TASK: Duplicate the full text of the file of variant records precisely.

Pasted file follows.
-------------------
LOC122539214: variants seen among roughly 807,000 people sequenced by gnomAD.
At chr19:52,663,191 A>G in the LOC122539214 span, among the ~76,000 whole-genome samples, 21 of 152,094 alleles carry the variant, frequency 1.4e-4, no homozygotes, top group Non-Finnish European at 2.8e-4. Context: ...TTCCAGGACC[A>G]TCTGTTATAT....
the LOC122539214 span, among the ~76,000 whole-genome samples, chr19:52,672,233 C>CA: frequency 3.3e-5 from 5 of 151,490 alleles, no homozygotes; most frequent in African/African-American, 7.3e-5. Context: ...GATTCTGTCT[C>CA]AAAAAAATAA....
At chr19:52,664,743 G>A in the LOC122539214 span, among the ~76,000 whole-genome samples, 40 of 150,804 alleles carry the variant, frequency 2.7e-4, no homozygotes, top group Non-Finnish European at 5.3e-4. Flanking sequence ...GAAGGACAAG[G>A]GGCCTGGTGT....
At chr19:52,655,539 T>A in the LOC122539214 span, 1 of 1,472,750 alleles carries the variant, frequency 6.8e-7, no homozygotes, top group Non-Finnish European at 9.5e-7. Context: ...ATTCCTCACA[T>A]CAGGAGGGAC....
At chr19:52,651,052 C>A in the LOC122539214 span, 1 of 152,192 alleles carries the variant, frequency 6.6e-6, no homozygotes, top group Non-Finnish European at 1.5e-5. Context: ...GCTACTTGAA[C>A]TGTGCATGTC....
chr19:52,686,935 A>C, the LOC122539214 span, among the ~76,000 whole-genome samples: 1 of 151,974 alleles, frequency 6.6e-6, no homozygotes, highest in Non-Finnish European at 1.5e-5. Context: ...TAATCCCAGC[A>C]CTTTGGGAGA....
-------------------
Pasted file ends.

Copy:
LOC122539214: variants seen among roughly 807,000 people sequenced by gnomAD.
At chr19:52,663,191 A>G in the LOC122539214 span, among the ~76,000 whole-genome samples, 21 of 152,094 alleles carry the variant, frequency 1.4e-4, no homozygotes, top group Non-Finnish European at 2.8e-4. Context: ...TTCCAGGACC[A>G]TCTGTTATAT....
the LOC122539214 span, among the ~76,000 whole-genome samples, chr19:52,672,233 C>CA: frequency 3.3e-5 from 5 of 151,490 alleles, no homozygotes; most frequent in African/African-American, 7.3e-5. Context: ...GATTCTGTCT[C>CA]AAAAAAATAA....
At chr19:52,664,743 G>A in the LOC122539214 span, among the ~76,000 whole-genome samples, 40 of 150,804 alleles carry the variant, frequency 2.7e-4, no homozygotes, top group Non-Finnish European at 5.3e-4. Flanking sequence ...GAAGGACAAG[G>A]GGCCTGGTGT....
At chr19:52,655,539 T>A in the LOC122539214 span, 1 of 1,472,750 alleles carries the variant, frequency 6.8e-7, no homozygotes, top group Non-Finnish European at 9.5e-7. Context: ...ATTCCTCACA[T>A]CAGGAGGGAC....
At chr19:52,651,052 C>A in the LOC122539214 span, 1 of 152,192 alleles carries the variant, frequency 6.6e-6, no homozygotes, top group Non-Finnish European at 1.5e-5. Context: ...GCTACTTGAA[C>A]TGTGCATGTC....
chr19:52,686,935 A>C, the LOC122539214 span, among the ~76,000 whole-genome samples: 1 of 151,974 alleles, frequency 6.6e-6, no homozygotes, highest in Non-Finnish European at 1.5e-5. Context: ...TAATCCCAGC[A>C]CTTTGGGAGA....